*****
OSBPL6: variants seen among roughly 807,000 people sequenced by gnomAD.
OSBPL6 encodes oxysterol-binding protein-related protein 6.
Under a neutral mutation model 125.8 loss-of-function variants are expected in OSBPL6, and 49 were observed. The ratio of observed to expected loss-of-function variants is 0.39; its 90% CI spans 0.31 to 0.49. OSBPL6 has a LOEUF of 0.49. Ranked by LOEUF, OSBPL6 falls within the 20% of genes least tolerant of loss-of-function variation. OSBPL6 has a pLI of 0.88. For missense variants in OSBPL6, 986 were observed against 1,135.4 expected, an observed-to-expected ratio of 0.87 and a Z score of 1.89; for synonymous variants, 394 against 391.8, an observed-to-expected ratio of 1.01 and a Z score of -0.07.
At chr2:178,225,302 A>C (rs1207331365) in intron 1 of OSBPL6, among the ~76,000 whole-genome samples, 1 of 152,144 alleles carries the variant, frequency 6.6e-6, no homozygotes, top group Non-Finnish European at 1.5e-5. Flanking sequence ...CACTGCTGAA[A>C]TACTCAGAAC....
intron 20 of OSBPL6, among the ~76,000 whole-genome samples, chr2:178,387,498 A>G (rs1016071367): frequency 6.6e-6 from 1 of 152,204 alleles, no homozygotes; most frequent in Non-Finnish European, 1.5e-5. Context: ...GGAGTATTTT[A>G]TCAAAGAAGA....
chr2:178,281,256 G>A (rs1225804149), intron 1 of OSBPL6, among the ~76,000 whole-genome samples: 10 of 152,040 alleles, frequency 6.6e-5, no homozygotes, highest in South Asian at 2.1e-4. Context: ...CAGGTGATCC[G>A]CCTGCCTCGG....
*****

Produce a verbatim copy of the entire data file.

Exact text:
OSBPL6: variants seen among roughly 807,000 people sequenced by gnomAD.
OSBPL6 encodes oxysterol-binding protein-related protein 6.
Under a neutral mutation model 125.8 loss-of-function variants are expected in OSBPL6, and 49 were observed. The ratio of observed to expected loss-of-function variants is 0.39; its 90% CI spans 0.31 to 0.49. OSBPL6 has a LOEUF of 0.49. Ranked by LOEUF, OSBPL6 falls within the 20% of genes least tolerant of loss-of-function variation. OSBPL6 has a pLI of 0.88. For missense variants in OSBPL6, 986 were observed against 1,135.4 expected, an observed-to-expected ratio of 0.87 and a Z score of 1.89; for synonymous variants, 394 against 391.8, an observed-to-expected ratio of 1.01 and a Z score of -0.07.
At chr2:178,225,302 A>C (rs1207331365) in intron 1 of OSBPL6, among the ~76,000 whole-genome samples, 1 of 152,144 alleles carries the variant, frequency 6.6e-6, no homozygotes, top group Non-Finnish European at 1.5e-5. Flanking sequence ...CACTGCTGAA[A>C]TACTCAGAAC....
intron 20 of OSBPL6, among the ~76,000 whole-genome samples, chr2:178,387,498 A>G (rs1016071367): frequency 6.6e-6 from 1 of 152,204 alleles, no homozygotes; most frequent in Non-Finnish European, 1.5e-5. Context: ...GGAGTATTTT[A>G]TCAAAGAAGA....
chr2:178,281,256 G>A (rs1225804149), intron 1 of OSBPL6, among the ~76,000 whole-genome samples: 10 of 152,040 alleles, frequency 6.6e-5, no homozygotes, highest in South Asian at 2.1e-4. Context: ...CAGGTGATCC[G>A]CCTGCCTCGG....